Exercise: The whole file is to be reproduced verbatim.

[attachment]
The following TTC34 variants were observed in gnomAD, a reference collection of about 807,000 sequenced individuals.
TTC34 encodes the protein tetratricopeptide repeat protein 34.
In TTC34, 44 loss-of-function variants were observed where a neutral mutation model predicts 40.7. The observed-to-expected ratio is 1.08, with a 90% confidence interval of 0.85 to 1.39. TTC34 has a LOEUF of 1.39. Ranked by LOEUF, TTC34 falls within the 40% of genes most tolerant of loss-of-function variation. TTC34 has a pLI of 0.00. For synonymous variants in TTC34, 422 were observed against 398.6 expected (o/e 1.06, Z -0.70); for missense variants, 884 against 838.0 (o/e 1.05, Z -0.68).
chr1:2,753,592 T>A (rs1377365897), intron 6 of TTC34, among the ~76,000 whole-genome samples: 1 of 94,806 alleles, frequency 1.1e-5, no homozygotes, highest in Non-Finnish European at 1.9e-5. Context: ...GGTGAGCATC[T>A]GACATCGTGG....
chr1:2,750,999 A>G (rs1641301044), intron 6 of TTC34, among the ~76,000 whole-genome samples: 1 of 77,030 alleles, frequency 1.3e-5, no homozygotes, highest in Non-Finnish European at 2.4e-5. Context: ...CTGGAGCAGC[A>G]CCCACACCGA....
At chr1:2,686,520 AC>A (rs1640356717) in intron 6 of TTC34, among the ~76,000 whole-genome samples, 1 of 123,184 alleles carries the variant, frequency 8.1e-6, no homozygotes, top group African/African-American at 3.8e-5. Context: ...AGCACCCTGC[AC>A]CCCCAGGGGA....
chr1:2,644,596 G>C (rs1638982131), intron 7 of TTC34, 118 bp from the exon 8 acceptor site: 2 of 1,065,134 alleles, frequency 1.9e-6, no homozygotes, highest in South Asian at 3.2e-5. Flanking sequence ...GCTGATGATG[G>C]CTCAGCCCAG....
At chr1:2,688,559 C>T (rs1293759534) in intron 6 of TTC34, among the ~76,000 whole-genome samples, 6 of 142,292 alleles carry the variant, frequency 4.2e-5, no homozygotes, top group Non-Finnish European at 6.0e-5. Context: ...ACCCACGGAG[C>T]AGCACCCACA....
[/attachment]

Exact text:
The following TTC34 variants were observed in gnomAD, a reference collection of about 807,000 sequenced individuals.
TTC34 encodes the protein tetratricopeptide repeat protein 34.
In TTC34, 44 loss-of-function variants were observed where a neutral mutation model predicts 40.7. The observed-to-expected ratio is 1.08, with a 90% confidence interval of 0.85 to 1.39. TTC34 has a LOEUF of 1.39. Ranked by LOEUF, TTC34 falls within the 40% of genes most tolerant of loss-of-function variation. TTC34 has a pLI of 0.00. For synonymous variants in TTC34, 422 were observed against 398.6 expected (o/e 1.06, Z -0.70); for missense variants, 884 against 838.0 (o/e 1.05, Z -0.68).
chr1:2,753,592 T>A (rs1377365897), intron 6 of TTC34, among the ~76,000 whole-genome samples: 1 of 94,806 alleles, frequency 1.1e-5, no homozygotes, highest in Non-Finnish European at 1.9e-5. Context: ...GGTGAGCATC[T>A]GACATCGTGG....
chr1:2,750,999 A>G (rs1641301044), intron 6 of TTC34, among the ~76,000 whole-genome samples: 1 of 77,030 alleles, frequency 1.3e-5, no homozygotes, highest in Non-Finnish European at 2.4e-5. Context: ...CTGGAGCAGC[A>G]CCCACACCGA....
At chr1:2,686,520 AC>A (rs1640356717) in intron 6 of TTC34, among the ~76,000 whole-genome samples, 1 of 123,184 alleles carries the variant, frequency 8.1e-6, no homozygotes, top group African/African-American at 3.8e-5. Context: ...AGCACCCTGC[AC>A]CCCCAGGGGA....
chr1:2,644,596 G>C (rs1638982131), intron 7 of TTC34, 118 bp from the exon 8 acceptor site: 2 of 1,065,134 alleles, frequency 1.9e-6, no homozygotes, highest in South Asian at 3.2e-5. Flanking sequence ...GCTGATGATG[G>C]CTCAGCCCAG....
At chr1:2,688,559 C>T (rs1293759534) in intron 6 of TTC34, among the ~76,000 whole-genome samples, 6 of 142,292 alleles carry the variant, frequency 4.2e-5, no homozygotes, top group Non-Finnish European at 6.0e-5. Context: ...ACCCACGGAG[C>T]AGCACCCACA....